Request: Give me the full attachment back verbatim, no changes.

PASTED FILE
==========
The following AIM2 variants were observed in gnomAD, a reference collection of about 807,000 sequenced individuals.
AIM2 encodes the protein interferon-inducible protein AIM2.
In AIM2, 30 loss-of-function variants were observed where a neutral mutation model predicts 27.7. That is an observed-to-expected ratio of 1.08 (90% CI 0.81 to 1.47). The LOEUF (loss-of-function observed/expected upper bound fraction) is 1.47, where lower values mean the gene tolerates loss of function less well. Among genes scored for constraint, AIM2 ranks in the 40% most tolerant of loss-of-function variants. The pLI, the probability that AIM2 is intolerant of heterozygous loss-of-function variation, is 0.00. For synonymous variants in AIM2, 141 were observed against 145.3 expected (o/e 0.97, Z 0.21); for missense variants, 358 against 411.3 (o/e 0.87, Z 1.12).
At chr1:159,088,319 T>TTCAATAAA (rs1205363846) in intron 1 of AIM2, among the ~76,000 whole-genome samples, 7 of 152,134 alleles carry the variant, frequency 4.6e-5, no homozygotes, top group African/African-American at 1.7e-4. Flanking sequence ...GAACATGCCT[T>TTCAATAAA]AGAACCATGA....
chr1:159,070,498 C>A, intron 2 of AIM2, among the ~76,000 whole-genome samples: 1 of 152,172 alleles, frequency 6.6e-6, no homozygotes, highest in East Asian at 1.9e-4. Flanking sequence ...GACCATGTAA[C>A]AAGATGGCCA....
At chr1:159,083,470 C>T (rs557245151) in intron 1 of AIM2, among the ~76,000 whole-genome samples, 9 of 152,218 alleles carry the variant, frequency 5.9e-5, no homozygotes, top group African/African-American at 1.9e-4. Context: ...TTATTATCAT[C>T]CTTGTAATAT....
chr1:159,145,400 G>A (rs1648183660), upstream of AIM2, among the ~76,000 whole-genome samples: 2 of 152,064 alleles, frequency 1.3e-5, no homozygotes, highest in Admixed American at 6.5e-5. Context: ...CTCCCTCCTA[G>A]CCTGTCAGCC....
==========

The following AIM2 variants were observed in gnomAD, a reference collection of about 807,000 sequenced individuals.
AIM2 encodes the protein interferon-inducible protein AIM2.
In AIM2, 30 loss-of-function variants were observed where a neutral mutation model predicts 27.7. That is an observed-to-expected ratio of 1.08 (90% CI 0.81 to 1.47). The LOEUF (loss-of-function observed/expected upper bound fraction) is 1.47, where lower values mean the gene tolerates loss of function less well. Among genes scored for constraint, AIM2 ranks in the 40% most tolerant of loss-of-function variants. The pLI, the probability that AIM2 is intolerant of heterozygous loss-of-function variation, is 0.00. For synonymous variants in AIM2, 141 were observed against 145.3 expected (o/e 0.97, Z 0.21); for missense variants, 358 against 411.3 (o/e 0.87, Z 1.12).
At chr1:159,088,319 T>TTCAATAAA (rs1205363846) in intron 1 of AIM2, among the ~76,000 whole-genome samples, 7 of 152,134 alleles carry the variant, frequency 4.6e-5, no homozygotes, top group African/African-American at 1.7e-4. Flanking sequence ...GAACATGCCT[T>TTCAATAAA]AGAACCATGA....
chr1:159,070,498 C>A, intron 2 of AIM2, among the ~76,000 whole-genome samples: 1 of 152,172 alleles, frequency 6.6e-6, no homozygotes, highest in East Asian at 1.9e-4. Flanking sequence ...GACCATGTAA[C>A]AAGATGGCCA....
At chr1:159,083,470 C>T (rs557245151) in intron 1 of AIM2, among the ~76,000 whole-genome samples, 9 of 152,218 alleles carry the variant, frequency 5.9e-5, no homozygotes, top group African/African-American at 1.9e-4. Context: ...TTATTATCAT[C>T]CTTGTAATAT....
chr1:159,145,400 G>A (rs1648183660), upstream of AIM2, among the ~76,000 whole-genome samples: 2 of 152,064 alleles, frequency 1.3e-5, no homozygotes, highest in Admixed American at 6.5e-5. Context: ...CTCCCTCCTA[G>A]CCTGTCAGCC....